I would say no holes.Kiln 3.2 x 4 x 6 ft with 250 W terrarium lamp and humidifier. I think about two holes size of ice hockey puck sufficient? One above the bottom, the other under the roof both in the middle of the longer wall. Do you think it is sufficient?
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sorry, I was not able to rotate the picture...
Thank you for info. Sorry, I am mixing two things, kiln and flue curing shed. English doesn't make it easier for me.My kiln was 3'x4'x3' with no holes. My flue curing shed was 8'x4'x8' with two 1" holes, one of which was vented with a small exhaust fan that only turned on above a certain humidity level.
Thank you Bob. Now I get it. The reason why I was confused by these terms is maybe this: The kiln translates to my language as drying room.Different tasks:
Color-curing and drying usually require ventilation. Kilning requires thermal insulation and a good closure seal, to limit energy cost, as well as to reach the required temperature (and retain moisture, unless the moist, color-cured leaf is sealed in separate containers--jars, etc.).
- color-curing (going from green leaf to yellow to brown) before the leaf ever dries
- finish drying of color-cured leaf (usually drying the stems)
- fermenting leaf that has fully color-cured [KILNING]
Funny how "will work for beer" seems universalThank you all for your help, ideas and explanations. The kiln is now being tested, I plugged the electricity in this afternoon and temperature slowly grows (now 45 C, 113 F), humidity is moving between 68% and 72 %, humidity controller is set up to 70%. Seems that this thing could work. It took few hours to warm it up, hope that it will not be the same after every door openning and refilling humidifier.
To be truthful with you, it was not me, who built it. My good friend was the constructor. I was just bringing him beers and helping here and there. It costed about 300 $ on material & accessories and some drinks.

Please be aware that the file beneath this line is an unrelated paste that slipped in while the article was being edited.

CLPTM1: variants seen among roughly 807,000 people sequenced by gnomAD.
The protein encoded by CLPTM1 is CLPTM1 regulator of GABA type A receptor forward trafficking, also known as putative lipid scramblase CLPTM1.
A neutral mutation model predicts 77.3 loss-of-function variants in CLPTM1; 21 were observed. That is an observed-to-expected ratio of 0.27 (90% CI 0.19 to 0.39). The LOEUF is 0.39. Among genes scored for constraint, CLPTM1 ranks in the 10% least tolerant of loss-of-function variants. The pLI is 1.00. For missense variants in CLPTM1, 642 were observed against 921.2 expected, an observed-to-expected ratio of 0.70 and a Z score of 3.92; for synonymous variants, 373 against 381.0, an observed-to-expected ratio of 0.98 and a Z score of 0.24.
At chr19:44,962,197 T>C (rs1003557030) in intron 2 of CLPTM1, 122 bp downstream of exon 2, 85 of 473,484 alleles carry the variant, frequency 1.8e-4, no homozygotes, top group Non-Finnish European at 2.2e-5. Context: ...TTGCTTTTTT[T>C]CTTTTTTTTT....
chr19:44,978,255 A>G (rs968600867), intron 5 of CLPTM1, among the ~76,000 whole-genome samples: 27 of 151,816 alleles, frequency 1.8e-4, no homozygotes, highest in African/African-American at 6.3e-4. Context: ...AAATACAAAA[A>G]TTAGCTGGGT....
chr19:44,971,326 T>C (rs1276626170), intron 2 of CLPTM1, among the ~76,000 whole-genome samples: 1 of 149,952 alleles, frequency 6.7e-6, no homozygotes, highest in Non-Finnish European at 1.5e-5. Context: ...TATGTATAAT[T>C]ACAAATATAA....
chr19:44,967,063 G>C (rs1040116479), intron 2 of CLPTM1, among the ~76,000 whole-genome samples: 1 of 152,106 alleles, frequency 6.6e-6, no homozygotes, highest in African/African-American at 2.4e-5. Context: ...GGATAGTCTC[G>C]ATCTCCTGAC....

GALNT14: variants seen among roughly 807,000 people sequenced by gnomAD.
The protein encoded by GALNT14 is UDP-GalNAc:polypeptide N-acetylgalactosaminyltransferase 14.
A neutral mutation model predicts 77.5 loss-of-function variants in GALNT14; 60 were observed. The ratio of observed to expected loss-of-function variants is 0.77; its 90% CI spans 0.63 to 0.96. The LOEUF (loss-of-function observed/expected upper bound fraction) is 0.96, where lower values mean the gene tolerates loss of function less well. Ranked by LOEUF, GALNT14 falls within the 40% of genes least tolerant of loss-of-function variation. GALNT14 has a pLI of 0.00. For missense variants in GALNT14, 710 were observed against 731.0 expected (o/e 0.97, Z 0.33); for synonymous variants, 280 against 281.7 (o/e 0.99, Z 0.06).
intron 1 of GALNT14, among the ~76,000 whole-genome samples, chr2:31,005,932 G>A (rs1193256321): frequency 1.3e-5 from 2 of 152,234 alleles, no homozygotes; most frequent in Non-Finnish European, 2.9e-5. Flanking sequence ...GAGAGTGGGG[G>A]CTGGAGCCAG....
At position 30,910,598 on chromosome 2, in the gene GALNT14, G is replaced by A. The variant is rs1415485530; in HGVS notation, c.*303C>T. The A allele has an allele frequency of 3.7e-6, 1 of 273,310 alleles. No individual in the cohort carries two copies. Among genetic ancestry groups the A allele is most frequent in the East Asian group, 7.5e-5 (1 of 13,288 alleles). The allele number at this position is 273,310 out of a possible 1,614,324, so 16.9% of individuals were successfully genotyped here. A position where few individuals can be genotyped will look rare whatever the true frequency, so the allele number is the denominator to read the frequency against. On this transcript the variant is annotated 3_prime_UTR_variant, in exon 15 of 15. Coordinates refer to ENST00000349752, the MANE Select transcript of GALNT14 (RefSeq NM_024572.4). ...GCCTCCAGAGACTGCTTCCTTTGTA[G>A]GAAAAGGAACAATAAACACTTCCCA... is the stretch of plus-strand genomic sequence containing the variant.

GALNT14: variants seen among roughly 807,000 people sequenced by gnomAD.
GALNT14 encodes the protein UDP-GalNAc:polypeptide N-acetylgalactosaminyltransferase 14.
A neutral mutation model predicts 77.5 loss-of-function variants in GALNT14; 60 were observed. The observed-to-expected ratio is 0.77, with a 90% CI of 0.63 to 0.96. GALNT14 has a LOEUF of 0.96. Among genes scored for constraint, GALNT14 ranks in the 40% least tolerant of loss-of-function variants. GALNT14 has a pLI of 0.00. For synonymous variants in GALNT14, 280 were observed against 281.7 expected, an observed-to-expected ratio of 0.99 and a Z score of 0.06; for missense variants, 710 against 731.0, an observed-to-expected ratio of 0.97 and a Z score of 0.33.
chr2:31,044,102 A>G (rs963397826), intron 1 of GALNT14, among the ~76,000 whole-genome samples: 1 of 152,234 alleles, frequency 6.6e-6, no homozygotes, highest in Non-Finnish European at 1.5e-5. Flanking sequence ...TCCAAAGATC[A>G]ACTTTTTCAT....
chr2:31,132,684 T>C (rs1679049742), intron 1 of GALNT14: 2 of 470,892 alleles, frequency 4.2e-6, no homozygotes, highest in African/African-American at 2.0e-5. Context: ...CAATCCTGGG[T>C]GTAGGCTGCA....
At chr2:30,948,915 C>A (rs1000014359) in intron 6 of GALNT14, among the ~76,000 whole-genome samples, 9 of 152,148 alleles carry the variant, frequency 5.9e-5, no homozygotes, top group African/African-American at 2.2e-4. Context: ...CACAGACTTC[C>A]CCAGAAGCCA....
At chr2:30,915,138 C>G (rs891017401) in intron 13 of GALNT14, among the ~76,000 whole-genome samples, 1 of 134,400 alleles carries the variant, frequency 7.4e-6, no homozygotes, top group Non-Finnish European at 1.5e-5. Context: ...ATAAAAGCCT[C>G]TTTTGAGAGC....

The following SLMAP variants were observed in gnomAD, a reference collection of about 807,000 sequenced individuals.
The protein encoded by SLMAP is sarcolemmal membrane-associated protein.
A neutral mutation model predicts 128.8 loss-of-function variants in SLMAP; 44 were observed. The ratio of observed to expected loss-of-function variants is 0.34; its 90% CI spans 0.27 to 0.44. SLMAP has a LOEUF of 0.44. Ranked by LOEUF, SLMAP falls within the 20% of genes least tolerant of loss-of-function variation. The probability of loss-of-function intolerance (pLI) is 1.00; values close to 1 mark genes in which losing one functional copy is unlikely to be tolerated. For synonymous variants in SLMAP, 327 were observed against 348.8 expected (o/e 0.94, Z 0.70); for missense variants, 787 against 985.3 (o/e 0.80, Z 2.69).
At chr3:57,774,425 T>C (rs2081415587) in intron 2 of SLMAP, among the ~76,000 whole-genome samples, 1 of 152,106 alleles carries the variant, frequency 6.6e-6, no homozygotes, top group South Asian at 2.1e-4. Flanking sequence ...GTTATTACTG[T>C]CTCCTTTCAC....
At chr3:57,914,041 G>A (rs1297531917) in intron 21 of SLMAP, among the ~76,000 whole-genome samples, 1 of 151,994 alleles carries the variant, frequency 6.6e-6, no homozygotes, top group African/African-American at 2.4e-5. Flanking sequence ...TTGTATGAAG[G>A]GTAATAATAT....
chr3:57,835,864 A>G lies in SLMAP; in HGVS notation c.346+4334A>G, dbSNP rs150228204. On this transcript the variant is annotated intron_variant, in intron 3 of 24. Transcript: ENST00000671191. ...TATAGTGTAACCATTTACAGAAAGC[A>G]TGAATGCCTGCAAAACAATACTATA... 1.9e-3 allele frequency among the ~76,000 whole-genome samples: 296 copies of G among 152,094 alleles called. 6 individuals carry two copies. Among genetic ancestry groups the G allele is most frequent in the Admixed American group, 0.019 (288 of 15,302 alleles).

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I can't wait to hang some tobacco in.
They don't need sealing? Have you tested them in an oven to be sure that no off gassing occured? A test piece Taken to your working temperature will do it. Check my kiln build thread, and you will see what to do. I'd hate to see a kiln full of tainted, unusable Tobacco.Inside walls are made of gypsum (drywall).
My first two years air curing were done in what was my smoking room in the garage. It was drywalled. Mold or mildew grew on the lower part of the walls, much like it would on the ceiling above a shower.Just curious, do you think the humidity in the kiln will cause any issues with the drywall? It seems like it should be ok as long as it's not getting dripping wet.
I don't know yet. Hope it will be ok. In the beginning I described to my friend, who built it, that there will be high humidity and temperature. He is works foreman by profession, restores old buildings. I spoke with him by phone today, he said these drywall desks were more expensive with better resistance to water.Just curious, do you think the humidity in the kiln will cause any issues with the drywall? It seems like it should be ok as long as it's not getting dripping wet.
Sounds scary. The only thing I can do is to run it without humidifier for two or three days when the tobacco is finished.My first two years air curing were done in what was my smoking room in the garage. It was drywalled. Mold or mildew grew on the lower part of the walls, much like it would on the ceiling above a shower.